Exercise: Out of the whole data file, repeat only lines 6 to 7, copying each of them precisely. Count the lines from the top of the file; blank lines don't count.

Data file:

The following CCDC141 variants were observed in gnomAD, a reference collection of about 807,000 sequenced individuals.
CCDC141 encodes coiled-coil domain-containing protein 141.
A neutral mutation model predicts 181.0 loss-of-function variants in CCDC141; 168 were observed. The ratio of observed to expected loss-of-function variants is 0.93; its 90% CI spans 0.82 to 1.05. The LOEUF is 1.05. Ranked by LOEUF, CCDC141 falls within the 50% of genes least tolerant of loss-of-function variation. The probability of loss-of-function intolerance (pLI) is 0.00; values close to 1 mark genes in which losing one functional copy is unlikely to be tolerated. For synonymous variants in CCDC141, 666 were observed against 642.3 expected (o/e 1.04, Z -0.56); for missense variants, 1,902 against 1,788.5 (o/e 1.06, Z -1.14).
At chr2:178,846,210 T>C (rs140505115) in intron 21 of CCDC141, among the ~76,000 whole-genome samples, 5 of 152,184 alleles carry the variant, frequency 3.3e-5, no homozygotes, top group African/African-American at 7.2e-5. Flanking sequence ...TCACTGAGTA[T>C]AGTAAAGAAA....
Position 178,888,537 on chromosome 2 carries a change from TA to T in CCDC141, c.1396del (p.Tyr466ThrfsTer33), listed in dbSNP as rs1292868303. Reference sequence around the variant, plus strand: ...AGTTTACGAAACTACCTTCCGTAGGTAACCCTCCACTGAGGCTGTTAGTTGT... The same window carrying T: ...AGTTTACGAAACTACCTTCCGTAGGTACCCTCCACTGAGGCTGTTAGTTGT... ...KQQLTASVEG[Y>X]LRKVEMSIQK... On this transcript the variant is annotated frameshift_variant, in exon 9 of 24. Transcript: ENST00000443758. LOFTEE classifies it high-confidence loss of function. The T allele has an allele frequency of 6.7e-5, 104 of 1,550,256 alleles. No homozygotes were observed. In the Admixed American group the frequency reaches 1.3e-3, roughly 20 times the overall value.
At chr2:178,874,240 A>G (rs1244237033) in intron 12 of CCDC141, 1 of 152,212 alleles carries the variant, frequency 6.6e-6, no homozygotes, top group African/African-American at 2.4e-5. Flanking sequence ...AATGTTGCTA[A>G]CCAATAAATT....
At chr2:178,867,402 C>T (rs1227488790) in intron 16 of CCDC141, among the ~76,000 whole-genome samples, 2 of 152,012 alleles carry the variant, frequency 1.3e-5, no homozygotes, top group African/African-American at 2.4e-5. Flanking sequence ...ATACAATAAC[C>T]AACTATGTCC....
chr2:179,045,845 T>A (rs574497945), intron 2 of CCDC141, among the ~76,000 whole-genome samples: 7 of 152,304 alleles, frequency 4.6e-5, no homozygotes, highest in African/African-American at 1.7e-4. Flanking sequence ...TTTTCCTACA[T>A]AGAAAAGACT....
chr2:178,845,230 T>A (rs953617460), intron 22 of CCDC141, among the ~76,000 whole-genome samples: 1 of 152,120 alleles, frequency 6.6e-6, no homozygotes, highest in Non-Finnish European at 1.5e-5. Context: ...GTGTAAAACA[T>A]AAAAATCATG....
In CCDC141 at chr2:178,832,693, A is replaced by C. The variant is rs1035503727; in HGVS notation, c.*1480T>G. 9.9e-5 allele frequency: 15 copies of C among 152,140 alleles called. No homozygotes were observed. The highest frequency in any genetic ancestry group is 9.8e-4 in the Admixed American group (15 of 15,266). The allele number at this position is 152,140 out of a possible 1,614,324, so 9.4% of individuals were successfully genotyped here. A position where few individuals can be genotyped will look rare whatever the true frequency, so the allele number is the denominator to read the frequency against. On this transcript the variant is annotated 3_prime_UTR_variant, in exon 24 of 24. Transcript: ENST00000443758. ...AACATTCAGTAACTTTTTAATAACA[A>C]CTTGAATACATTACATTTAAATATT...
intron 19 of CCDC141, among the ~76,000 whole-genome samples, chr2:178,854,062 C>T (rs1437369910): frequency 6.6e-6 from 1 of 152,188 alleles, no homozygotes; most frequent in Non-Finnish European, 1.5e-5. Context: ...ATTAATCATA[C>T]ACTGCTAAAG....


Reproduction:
At chr2:178,874,240 A>G (rs1244237033) in intron 12 of CCDC141, 1 of 152,212 alleles carries the variant, frequency 6.6e-6, no homozygotes, top group African/African-American at 2.4e-5. Flanking sequence ...AATGTTGCTA[A>G]CCAATAAATT....
At chr2:178,867,402 C>T (rs1227488790) in intron 16 of CCDC141, among the ~76,000 whole-genome samples, 2 of 152,012 alleles carry the variant, frequency 1.3e-5, no homozygotes, top group African/African-American at 2.4e-5. Flanking sequence ...ATACAATAAC[C>T]AACTATGTCC....